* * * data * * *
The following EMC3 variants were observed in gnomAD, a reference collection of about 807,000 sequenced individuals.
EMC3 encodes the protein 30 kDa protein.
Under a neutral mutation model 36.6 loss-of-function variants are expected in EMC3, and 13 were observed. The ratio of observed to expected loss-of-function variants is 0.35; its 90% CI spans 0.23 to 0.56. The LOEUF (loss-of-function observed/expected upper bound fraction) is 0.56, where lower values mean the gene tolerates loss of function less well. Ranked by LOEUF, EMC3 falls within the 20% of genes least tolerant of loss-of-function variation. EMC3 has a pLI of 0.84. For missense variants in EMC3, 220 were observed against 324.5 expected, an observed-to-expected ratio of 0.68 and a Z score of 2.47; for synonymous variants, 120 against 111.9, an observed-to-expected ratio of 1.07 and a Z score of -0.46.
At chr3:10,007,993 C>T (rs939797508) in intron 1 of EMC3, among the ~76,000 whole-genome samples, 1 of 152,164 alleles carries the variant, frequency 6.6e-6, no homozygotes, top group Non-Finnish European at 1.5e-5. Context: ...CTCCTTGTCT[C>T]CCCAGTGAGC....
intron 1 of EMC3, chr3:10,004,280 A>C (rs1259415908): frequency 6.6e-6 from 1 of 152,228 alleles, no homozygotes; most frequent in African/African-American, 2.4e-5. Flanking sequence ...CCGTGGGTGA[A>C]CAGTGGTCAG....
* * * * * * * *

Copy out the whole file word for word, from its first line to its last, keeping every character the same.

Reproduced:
The following EMC3 variants were observed in gnomAD, a reference collection of about 807,000 sequenced individuals.
EMC3 encodes the protein 30 kDa protein.
Under a neutral mutation model 36.6 loss-of-function variants are expected in EMC3, and 13 were observed. The ratio of observed to expected loss-of-function variants is 0.35; its 90% CI spans 0.23 to 0.56. The LOEUF (loss-of-function observed/expected upper bound fraction) is 0.56, where lower values mean the gene tolerates loss of function less well. Ranked by LOEUF, EMC3 falls within the 20% of genes least tolerant of loss-of-function variation. EMC3 has a pLI of 0.84. For missense variants in EMC3, 220 were observed against 324.5 expected, an observed-to-expected ratio of 0.68 and a Z score of 2.47; for synonymous variants, 120 against 111.9, an observed-to-expected ratio of 1.07 and a Z score of -0.46.
At chr3:10,007,993 C>T (rs939797508) in intron 1 of EMC3, among the ~76,000 whole-genome samples, 1 of 152,164 alleles carries the variant, frequency 6.6e-6, no homozygotes, top group Non-Finnish European at 1.5e-5. Context: ...CTCCTTGTCT[C>T]CCCAGTGAGC....
intron 1 of EMC3, chr3:10,004,280 A>C (rs1259415908): frequency 6.6e-6 from 1 of 152,228 alleles, no homozygotes; most frequent in African/African-American, 2.4e-5. Flanking sequence ...CCGTGGGTGA[A>C]CAGTGGTCAG....